The Swiss economy is tipped to grow by 3% by the end of this year, according to the International Monetary Fund (IMF). In April, the organisation had forecast Switzerland’s gross domestic product (GDP) to rise by 2.3%.
Global economic growth has been downgraded from a previous forecast of 3.9% to 3.7% for both 2018 and 2019, the IMF stated on Tuesday. The reason for the less positive sentiment is the continued threat of trade wars involving the United States, the possibility of a no-deal Brexit, slower than expected growth in the European Union and volatility in some emerging economies.
Switzerland bucks the trend thanks to its relative stability and improved trading conditions among companies. Last month, the Swiss government raised its GDP (gross domestic product) forecast for 2018 to 2.9% from 2.4%. The KOF Swiss Economic Institute has also given a more positive estimate in recent days.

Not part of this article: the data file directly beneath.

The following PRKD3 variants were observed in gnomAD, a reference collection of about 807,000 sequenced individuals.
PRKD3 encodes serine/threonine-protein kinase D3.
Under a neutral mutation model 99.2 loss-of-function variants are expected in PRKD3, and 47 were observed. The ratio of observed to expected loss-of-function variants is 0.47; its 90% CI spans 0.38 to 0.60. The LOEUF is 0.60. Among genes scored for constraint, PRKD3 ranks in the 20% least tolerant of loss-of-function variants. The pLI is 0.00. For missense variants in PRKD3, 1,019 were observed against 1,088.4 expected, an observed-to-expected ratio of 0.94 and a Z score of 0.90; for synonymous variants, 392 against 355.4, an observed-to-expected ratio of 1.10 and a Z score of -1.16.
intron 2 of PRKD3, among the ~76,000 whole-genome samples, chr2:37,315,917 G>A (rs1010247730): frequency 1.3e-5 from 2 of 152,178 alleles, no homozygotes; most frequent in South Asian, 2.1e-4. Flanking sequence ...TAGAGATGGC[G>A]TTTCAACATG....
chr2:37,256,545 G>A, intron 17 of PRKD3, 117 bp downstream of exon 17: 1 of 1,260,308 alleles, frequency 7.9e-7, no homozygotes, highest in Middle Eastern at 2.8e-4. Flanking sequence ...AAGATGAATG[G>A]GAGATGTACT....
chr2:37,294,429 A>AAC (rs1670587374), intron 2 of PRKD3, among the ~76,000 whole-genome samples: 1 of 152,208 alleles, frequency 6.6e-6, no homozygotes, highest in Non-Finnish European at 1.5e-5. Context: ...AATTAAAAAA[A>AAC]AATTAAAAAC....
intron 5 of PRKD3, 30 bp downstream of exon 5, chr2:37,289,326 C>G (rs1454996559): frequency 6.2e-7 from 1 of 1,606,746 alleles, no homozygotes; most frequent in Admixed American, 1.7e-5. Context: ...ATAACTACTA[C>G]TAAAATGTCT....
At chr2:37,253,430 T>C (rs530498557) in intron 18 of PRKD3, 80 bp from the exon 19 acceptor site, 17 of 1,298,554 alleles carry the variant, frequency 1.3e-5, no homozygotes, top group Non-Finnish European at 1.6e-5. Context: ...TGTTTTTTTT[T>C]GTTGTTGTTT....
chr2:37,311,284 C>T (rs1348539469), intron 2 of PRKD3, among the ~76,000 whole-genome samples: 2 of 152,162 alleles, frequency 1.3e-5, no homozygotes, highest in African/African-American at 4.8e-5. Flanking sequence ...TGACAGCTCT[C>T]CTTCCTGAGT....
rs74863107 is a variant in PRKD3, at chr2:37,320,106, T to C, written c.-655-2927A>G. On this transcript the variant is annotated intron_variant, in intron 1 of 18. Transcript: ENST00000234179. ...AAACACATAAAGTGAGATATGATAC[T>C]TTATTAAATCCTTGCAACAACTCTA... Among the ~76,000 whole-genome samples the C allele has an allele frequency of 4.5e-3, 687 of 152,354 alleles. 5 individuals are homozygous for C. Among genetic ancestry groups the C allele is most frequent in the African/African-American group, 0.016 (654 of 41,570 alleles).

But Switzerland’s precarious political relationship with the European Union, plus various global flashpoints involving other countries, has prevented economic forecasters from uncorking the champagne bottles.
The IMF also thinks the Swiss economy may slow down from next year in line with a fall in global GDP growth. On Tuesday it dropped its 2019 forecast from 2% to 1.8%, and estimated growth of 1.7% until 2023.